NSFNET -- The National Science Foundation Network

23 Nov 1995


The time of a federally provided general purpose backbone network for the research and science community is coming to a close as of April of 1995. Its roots stem from early ARPA research on packet switching and its development of the TCP/IP protocol suite, which the NSF elected for its NSFNET program in the mid-eighties, at a time of strong tendency towards GOSIP ISO protocols and support for X.25.

Evolving from the Arpanet core model

which centered around a single infrastructure to interconnect campuses, the NSFNET focused on broad operation al interconnection infrastructure which considered regional clients and agency peer networks, each of which would connect to their respective clients.

The TCP/IP selection for the NSFNET resulted in a strong acceptance worldwide in the ten years since the mid-eighties, as the NSFNET creation was the enabler for broad interconnectability in the Internet community. The NSFNET program itself initially came out of the NSF supercomputing center program, with two of the awardees, SDSC and JvNC, having proposed a consortium network. NSF then orchestrated the interconnection of its supercomputing centers via a 56kbps "Fuzzball" based backbone

(already synchronized to radio clocks), to which shortly thereafter regional (or mid-level) networks connected, which used the 56kbps NSFNET backbone as the national interconnection fabric. In July 1988, a 1.544 Mbps

T1 (sorry, photo shows the now empty rack) replacement of the NSFNET backbone operationally started, and was replaced by a 45Mbps T3 backbone

in the early nineties, to meet growing demand patterns. By then the commercialization and privatization of the Internet started to significantly take off, with the NSF getting under increating pressure to move networking activities to the private sector, rather than bulk-providing general networking services by the federal government. This pressure has resulted in a rethinking of the NSFNET architecture, to ensure Internet stability for the time window between government supported services and full privatization of the network.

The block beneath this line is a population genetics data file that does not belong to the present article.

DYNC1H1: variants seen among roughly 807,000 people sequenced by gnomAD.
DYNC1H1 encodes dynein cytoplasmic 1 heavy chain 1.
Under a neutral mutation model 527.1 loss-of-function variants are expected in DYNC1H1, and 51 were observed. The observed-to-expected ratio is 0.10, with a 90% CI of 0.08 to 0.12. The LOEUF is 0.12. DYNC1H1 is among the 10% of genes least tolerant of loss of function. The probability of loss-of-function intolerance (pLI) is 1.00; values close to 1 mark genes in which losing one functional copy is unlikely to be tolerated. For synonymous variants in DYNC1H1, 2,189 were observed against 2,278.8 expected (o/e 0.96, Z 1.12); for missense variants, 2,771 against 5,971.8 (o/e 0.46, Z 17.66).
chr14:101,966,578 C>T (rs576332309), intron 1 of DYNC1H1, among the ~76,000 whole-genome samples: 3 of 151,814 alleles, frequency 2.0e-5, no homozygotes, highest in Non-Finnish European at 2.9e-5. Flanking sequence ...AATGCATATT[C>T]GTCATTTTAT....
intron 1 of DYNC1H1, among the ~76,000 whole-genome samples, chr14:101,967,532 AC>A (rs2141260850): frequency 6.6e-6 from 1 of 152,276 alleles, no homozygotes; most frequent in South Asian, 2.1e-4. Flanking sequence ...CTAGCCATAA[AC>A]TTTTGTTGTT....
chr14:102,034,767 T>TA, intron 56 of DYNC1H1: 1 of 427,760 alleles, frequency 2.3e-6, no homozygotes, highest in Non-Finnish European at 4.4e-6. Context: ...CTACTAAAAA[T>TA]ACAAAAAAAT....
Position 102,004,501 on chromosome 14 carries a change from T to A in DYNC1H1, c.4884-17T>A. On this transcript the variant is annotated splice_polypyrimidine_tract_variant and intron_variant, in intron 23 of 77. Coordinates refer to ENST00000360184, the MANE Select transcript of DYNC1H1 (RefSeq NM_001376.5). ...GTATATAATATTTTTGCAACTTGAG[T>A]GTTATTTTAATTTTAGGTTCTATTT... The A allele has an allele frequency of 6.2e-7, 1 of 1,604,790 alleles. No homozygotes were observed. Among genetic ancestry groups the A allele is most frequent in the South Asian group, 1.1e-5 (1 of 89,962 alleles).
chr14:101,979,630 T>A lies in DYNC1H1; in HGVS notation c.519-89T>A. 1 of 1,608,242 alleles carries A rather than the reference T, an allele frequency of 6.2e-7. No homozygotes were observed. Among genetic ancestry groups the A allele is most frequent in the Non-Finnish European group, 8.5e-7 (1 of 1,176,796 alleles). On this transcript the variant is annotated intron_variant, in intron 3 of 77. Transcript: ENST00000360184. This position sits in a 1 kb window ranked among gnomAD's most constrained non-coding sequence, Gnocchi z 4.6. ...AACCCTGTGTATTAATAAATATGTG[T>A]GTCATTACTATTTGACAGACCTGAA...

topology history

The new NSFNET architecture

To address the aforementioned time window, the National Science Foundation created four new projects, three of the infrastructure related, and one of them supporting network research and development activities. Those are:

Network services evolution

In its initial implementation network users typically selected specific services that they explicitly connected to in a one-to-one connection, largely to transfer files, for interactive access to remote machines, and for electronic mail to other users.

This has evolved in the last few years towards a broad "information perimeter" as seen by individual users. The information source is not perceived as specific machines any more, but a horizon consisting of the available information resources, with a one-to-many mapping between a user and information resources.

This has contributed to the notion of an information infrastructure. In the future, even that view will be too limiting, as a many-to-many weave of connectivity is arising, from a mixture of collaboration, information, and generic facility resources environment.


The NSFNET has been shaping the Internet from a federal network research effort, via a federally provided infrastructure, towards a commercialized environment. Some of the next challenges will be in the focus on applications, and how they are provisioned throughout the networked environment, and to support collaboration, information, and facilities resources. Some of the network analysis over the years has shown a dramatic impact of new applications on the IP switching substrate, something that will have to be considered for the overall traffic profiles, as new high end applications demand significant amounts of bandwidth for extensive periods of time.

Some of this is seen already by the increasing use of audio and video applications on the Internet. Alot of areas need further exploration, including:
23 Nov 1995